The committee adopted the expression ‘Sovereign Democratic Republic’ in place of ‘Sovereign Independent Republic’ as used in the “Objective Resolution,” for it thought the independence was implied in the word Sovereign. The committee added the word Fraternity which was not present in the Objective Resolution. “The committee felt that the need for fraternal concord and goodwill in India was never greater than now and that this particular aim of the new Constitution should be emphasized by special mention in the Preamble.” In other respect the committee tried to embody in the Preamble “the spirit and, as far as possible, the language of “Objective Resolution.”
Object, Purpose and Scope
The Preamble does not grant any power but it gives a direction and purpose to the Constitution. It outlines the objectives of the whole Constitution. The Preamble contains the fundamentals of the constitution. The preamble to an Act sets out the main objectives which the legislation is intended to achieve.
The proper function of the preamble is to explain and recite certain facts which are necessary to be explained and recited before the enactment contained in an act of Parliament could be understood. A preamble may be used for other reasons, such as, to limit the scope of certain expressions or to explain facts or introduce definitions. It usually states or professes to state, the general object and meaning of the legislature in passing the measure.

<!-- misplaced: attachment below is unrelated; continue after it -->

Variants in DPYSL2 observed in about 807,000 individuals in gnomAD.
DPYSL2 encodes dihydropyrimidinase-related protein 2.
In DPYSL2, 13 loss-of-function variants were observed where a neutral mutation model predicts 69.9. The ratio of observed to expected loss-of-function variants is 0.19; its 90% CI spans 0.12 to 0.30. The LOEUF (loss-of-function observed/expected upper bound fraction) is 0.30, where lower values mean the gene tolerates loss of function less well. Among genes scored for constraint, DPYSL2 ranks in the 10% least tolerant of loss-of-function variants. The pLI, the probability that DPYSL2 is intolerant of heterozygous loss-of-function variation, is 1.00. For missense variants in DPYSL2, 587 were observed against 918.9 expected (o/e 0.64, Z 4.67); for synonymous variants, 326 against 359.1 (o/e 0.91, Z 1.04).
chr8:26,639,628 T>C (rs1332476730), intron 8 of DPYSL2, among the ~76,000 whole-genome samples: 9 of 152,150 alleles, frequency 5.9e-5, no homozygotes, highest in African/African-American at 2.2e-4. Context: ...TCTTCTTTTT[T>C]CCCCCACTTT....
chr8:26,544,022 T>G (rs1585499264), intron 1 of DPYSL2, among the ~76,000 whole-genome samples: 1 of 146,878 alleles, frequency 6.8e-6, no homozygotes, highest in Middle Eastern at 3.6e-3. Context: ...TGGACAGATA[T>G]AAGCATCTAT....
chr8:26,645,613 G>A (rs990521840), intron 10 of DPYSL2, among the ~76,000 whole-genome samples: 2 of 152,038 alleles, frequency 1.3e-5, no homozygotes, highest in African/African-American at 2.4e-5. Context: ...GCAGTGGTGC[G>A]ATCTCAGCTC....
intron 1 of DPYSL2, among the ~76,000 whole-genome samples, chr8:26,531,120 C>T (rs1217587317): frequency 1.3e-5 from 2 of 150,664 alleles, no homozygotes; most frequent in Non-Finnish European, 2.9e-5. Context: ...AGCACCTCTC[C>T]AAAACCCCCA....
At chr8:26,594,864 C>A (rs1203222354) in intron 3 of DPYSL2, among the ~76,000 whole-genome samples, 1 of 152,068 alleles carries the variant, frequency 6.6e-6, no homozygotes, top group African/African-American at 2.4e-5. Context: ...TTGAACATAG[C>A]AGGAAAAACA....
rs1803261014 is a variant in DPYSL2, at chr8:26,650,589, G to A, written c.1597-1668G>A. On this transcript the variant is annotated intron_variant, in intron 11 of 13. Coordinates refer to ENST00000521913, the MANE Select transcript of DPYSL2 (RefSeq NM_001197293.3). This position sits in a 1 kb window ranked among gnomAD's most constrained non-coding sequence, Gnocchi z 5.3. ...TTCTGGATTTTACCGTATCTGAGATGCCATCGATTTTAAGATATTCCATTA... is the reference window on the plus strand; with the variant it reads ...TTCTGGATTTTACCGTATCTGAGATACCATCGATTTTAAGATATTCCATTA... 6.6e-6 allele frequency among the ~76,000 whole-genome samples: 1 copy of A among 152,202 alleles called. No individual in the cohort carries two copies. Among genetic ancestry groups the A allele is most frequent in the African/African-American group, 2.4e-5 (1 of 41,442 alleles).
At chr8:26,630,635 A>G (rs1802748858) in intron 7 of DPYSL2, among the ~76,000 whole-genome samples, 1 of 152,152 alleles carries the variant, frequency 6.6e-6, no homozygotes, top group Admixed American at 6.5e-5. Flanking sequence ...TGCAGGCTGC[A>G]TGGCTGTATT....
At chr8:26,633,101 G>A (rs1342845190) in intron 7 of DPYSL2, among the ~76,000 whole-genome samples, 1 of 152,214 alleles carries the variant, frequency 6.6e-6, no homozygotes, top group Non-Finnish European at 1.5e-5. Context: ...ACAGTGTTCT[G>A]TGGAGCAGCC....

Hence it may be legitimately consulted for the purpose of solving an ambiguity or fixing the connotation of words which may possibly have more meaning, or determining of the Act, whenever the enacting part in any of this respect is prone to doubt.
In Kesavananda Bharati case the Supreme Court attached much importance to the preamble. In this case, the main question before the Supreme Court related to the scope of amending power of the Union Parliament under Article 368 of the Constitution of India. The Supreme Court traced the history of the drafting and ultimate adoption of the Preamble. Chief Justice Sikri observed:
“No authority has been referred before us to establish the propositions that what is true about the powers is equally true about the prohibitions and limitations. Even from the Preamble limitations have been derived in some cases. It seems to me that the preamble of our Constitution is of extreme importance and the constitution should be read and interpreted in the light of the grand and noble vision expressed in the preamble.”
A majority of the full bench held that the objectives specified in the preamble contain the basic structure of our constitution, which cannot be amended in exercise of the power under Article 368 of the constitution. It was further held that being a part of the constitution, the preamble was not outside the reach of the amending power of the Parliament under Article 368. It was in the exercise of this amending power that the Constitution (42nd Amendment) Act 1976 amended the preamble inserting therein, the terms socialist, secular and integrity.
The Preamble serves the following purposes:
a) It indicates the source from which the Constitution comes, viz., the people of India.
b) It contains the enacting clause which brings into force, the Constitution which makes it an act of the people, for the people and by the people.
c) It declares the rights and freedoms which the people of India intended to provide to all citizens and the basic type of government and polity which was to be established.